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Pope Francis urges Catholics to follow ‘God’s logic’

Vatican City, Aug 2, 2020 / 06:00 am (CNA).- Pope Francis urged Catholics Sunday to follow “God’s logic” by taking responsibility for the welfare of others.

In his Angelus address Aug. 2, he reflected on Sunday’s Gospel, the miracle of the feeding of the 5,000 (Matthew 14:13-21).

He noted that at sundown the “practical” disciples had urged Jesus to send away the hungry crowd to find food. But Jesus replied: “You give them something to eat.” 

“Jesus wants to use this situation to educate His friends, both then and now, about God’s logic,” the pope said, according to an unofficial translation provided by the Holy See press office.

“And what is God’s logic that we see here? The logic of taking responsibility for others. The logic of not washing one’s hands, the logic of not looking the other way.” 

“No. The logic of taking responsibility for others. That ‘let them fend for themselves’ should not enter into the Christian vocabulary.”

Pope Francis recalled that, after the disciples had presented Jesus with five loaves of bread and two fish, Christ performed a miracle enabling everyone to eat as much as they wanted. 

He said: “With this gesture, Jesus demonstrates His power; not in a spectacular way but as a sign of charity, of God the Father’s generosity toward His weary and needy children. He is immersed in the life of His people, He understands their fatigue and their limitations, but He does not allow anyone to be lost, or to lose out: He nourishes them with His word and provides food in plenty for sustenance.”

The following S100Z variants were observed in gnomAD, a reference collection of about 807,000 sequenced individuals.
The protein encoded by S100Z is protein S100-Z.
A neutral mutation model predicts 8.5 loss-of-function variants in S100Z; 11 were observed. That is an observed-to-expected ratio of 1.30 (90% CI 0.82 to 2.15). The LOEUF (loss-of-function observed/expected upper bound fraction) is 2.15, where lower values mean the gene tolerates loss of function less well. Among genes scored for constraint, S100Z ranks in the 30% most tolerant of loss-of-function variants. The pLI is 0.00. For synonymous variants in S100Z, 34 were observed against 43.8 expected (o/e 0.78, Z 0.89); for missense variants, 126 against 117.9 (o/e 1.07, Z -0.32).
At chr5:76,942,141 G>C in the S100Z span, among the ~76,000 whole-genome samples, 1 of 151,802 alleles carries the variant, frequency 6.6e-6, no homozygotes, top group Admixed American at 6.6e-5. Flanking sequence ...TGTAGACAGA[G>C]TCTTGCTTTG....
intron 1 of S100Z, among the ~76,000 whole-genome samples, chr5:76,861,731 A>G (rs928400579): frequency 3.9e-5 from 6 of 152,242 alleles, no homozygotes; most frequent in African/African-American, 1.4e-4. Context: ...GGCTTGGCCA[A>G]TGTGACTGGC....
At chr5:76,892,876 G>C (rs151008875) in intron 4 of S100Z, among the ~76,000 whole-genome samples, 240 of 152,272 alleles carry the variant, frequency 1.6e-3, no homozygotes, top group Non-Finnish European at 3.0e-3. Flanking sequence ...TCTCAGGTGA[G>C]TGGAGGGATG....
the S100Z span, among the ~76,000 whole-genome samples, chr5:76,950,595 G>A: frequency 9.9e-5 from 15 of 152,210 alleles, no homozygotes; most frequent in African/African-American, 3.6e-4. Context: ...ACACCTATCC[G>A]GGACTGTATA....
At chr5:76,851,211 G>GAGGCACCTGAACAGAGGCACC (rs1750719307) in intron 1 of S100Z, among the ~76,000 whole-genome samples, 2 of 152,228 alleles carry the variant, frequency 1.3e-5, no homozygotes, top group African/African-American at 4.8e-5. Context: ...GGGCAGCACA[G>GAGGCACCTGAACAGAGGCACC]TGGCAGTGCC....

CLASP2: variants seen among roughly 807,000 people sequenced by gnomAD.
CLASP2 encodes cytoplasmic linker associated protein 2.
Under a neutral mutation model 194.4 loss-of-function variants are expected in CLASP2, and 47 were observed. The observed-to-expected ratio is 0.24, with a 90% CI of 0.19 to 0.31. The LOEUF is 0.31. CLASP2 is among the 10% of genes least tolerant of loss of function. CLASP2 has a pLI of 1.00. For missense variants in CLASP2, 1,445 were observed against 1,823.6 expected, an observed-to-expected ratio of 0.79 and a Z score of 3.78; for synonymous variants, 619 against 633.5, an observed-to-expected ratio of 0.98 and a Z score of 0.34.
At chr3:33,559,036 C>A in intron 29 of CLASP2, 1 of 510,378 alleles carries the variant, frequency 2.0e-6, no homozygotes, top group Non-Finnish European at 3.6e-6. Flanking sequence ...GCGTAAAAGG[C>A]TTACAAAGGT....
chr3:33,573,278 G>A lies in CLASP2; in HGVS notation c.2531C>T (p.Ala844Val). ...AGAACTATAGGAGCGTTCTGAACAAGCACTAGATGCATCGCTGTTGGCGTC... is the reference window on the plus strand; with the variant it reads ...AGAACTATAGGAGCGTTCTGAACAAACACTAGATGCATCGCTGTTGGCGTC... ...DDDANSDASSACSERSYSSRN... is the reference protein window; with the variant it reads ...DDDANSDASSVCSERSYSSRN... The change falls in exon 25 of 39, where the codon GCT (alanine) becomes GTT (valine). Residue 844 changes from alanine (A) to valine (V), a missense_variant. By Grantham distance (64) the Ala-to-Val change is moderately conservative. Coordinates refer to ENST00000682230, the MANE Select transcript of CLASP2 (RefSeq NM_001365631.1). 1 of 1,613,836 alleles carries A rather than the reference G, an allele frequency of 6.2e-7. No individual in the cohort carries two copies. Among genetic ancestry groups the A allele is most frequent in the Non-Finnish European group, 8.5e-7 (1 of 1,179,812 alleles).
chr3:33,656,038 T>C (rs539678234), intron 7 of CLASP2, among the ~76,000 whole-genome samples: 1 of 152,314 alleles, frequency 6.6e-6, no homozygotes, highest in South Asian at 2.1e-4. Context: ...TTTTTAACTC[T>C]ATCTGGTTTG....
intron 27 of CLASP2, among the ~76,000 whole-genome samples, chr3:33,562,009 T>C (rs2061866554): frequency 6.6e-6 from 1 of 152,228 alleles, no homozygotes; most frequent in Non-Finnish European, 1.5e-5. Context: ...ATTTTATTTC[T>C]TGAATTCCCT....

Speaking from a window overlooking St. Peter’s Square, the pope pointed out the connection between the miracle of the multiplication of loaves and the Eucharist.

“It is noteworthy how close the link is between the Eucharistic bread, nourishment for eternal life, and daily bread, necessary for earthly life,” he observed. 

“Before offering Himself to the Father as the Bread of salvation, Jesus ensures there is food for those who follow Him and who, in order to be with Him, forgot to make provisions. At times the spiritual and the material are in opposition, but in reality spiritualism, like materialism, is alien to the Bible. It is not biblical language.”

He continued: “The compassion and tenderness that Jesus showed towards the crowds is not sentimentality, but rather the concrete manifestation of the love that cares for the people’s needs.” 

The pope said that Catholics should approach the Eucharist with the same compassionate attitude that Jesus displayed during the feeding of the 5,000. 

“Compassion is not a purely material feeling; true compassion is ‘patire con’ (to suffer with), to take others’ sorrows on ourselves,” he said. 

“Perhaps it would do us good today to ask ourselves: Do I feel compassion when I read news about war, about hunger, about the pandemic? So many things... Do I feel compassion toward those people? Do I feel compassion toward the people who are near to me? Am I capable of suffering with them, or do I look the other way, or ‘they can fend for themselves’?”